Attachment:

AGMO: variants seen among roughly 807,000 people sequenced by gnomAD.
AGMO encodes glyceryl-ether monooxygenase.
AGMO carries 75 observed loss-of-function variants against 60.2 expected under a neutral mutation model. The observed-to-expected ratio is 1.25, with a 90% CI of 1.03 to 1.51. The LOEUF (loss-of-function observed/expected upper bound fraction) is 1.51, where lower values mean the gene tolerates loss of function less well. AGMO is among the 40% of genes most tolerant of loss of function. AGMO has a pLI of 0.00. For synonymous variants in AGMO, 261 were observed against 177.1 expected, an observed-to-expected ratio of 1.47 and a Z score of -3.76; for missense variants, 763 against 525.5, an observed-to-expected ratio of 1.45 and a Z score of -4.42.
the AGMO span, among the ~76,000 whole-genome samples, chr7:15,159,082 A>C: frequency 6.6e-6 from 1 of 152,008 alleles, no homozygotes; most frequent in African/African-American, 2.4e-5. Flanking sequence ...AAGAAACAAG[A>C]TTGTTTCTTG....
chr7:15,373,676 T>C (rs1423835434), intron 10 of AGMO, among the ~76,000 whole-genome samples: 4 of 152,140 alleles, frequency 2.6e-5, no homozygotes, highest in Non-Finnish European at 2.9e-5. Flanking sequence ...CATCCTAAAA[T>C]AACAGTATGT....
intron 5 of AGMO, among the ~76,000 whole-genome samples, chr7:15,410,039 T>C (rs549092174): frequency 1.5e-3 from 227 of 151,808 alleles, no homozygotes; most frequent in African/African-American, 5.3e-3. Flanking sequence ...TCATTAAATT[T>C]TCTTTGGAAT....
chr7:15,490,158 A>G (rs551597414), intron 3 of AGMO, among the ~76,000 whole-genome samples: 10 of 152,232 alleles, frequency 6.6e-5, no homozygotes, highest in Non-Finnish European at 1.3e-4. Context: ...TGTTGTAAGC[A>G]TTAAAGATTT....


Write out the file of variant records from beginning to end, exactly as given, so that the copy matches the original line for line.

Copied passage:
AGMO: variants seen among roughly 807,000 people sequenced by gnomAD.
AGMO encodes glyceryl-ether monooxygenase.
AGMO carries 75 observed loss-of-function variants against 60.2 expected under a neutral mutation model. The observed-to-expected ratio is 1.25, with a 90% CI of 1.03 to 1.51. The LOEUF (loss-of-function observed/expected upper bound fraction) is 1.51, where lower values mean the gene tolerates loss of function less well. AGMO is among the 40% of genes most tolerant of loss of function. AGMO has a pLI of 0.00. For synonymous variants in AGMO, 261 were observed against 177.1 expected, an observed-to-expected ratio of 1.47 and a Z score of -3.76; for missense variants, 763 against 525.5, an observed-to-expected ratio of 1.45 and a Z score of -4.42.
the AGMO span, among the ~76,000 whole-genome samples, chr7:15,159,082 A>C: frequency 6.6e-6 from 1 of 152,008 alleles, no homozygotes; most frequent in African/African-American, 2.4e-5. Flanking sequence ...AAGAAACAAG[A>C]TTGTTTCTTG....
chr7:15,373,676 T>C (rs1423835434), intron 10 of AGMO, among the ~76,000 whole-genome samples: 4 of 152,140 alleles, frequency 2.6e-5, no homozygotes, highest in Non-Finnish European at 2.9e-5. Flanking sequence ...CATCCTAAAA[T>C]AACAGTATGT....
intron 5 of AGMO, among the ~76,000 whole-genome samples, chr7:15,410,039 T>C (rs549092174): frequency 1.5e-3 from 227 of 151,808 alleles, no homozygotes; most frequent in African/African-American, 5.3e-3. Flanking sequence ...TCATTAAATT[T>C]TCTTTGGAAT....
chr7:15,490,158 A>G (rs551597414), intron 3 of AGMO, among the ~76,000 whole-genome samples: 10 of 152,232 alleles, frequency 6.6e-5, no homozygotes, highest in Non-Finnish European at 1.3e-4. Context: ...TGTTGTAAGC[A>G]TTAAAGATTT....